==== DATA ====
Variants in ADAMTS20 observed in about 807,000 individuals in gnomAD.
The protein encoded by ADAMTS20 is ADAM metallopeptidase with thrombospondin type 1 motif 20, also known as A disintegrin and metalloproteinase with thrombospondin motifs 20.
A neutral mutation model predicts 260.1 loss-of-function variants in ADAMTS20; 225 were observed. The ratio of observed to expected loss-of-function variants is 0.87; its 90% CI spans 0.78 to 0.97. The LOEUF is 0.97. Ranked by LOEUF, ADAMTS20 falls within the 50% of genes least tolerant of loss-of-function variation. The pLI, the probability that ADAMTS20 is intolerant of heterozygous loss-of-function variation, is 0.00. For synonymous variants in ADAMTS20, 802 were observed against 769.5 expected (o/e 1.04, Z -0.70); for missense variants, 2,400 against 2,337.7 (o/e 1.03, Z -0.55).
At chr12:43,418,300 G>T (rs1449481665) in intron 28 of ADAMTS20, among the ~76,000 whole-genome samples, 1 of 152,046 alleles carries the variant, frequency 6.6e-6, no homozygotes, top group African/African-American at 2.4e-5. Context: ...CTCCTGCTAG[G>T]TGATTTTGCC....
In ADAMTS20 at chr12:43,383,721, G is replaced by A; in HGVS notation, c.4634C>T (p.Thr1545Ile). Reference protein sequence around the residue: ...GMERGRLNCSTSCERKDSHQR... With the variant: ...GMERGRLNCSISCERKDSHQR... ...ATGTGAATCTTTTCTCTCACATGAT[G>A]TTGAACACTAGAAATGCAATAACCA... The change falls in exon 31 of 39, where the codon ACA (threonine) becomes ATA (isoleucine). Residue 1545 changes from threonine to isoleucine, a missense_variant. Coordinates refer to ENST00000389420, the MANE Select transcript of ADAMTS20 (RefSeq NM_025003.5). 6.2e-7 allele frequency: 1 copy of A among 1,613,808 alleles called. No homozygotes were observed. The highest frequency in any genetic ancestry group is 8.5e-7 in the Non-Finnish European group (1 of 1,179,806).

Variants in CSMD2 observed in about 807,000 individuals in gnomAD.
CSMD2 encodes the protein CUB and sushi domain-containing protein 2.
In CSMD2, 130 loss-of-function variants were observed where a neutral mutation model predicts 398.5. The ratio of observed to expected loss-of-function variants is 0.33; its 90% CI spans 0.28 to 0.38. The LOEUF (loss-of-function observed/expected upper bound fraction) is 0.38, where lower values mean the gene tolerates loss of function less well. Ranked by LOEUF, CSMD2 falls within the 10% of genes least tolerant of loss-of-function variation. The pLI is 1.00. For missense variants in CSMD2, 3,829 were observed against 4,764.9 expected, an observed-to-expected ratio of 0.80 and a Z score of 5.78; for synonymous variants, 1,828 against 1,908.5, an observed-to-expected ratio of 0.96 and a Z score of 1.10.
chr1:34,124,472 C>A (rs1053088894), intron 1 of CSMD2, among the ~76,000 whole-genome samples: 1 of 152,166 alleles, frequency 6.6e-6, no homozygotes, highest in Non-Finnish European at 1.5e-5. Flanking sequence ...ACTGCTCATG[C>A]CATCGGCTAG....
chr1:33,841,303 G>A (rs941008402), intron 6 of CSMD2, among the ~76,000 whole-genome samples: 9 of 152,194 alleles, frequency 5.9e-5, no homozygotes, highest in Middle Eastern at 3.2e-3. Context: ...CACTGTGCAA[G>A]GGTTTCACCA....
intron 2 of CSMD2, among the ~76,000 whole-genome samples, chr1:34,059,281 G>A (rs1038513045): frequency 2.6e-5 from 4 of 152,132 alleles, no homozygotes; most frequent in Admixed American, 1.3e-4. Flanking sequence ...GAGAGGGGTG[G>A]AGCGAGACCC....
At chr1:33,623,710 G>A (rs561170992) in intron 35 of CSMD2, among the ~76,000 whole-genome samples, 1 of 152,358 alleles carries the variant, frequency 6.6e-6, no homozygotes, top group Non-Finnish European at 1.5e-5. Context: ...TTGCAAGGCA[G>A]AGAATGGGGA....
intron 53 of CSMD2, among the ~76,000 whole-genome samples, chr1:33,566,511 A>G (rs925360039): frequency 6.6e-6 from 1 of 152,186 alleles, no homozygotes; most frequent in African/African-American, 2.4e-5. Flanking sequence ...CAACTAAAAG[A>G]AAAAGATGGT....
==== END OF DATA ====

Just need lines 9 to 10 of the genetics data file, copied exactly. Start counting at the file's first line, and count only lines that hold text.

chr1:34,124,472 C>A (rs1053088894), intron 1 of CSMD2, among the ~76,000 whole-genome samples: 1 of 152,166 alleles, frequency 6.6e-6, no homozygotes, highest in Non-Finnish European at 1.5e-5. Flanking sequence ...ACTGCTCATG[C>A]CATCGGCTAG....
chr1:33,841,303 G>A (rs941008402), intron 6 of CSMD2, among the ~76,000 whole-genome samples: 9 of 152,194 alleles, frequency 5.9e-5, no homozygotes, highest in Middle Eastern at 3.2e-3. Context: ...CACTGTGCAA[G>A]GGTTTCACCA....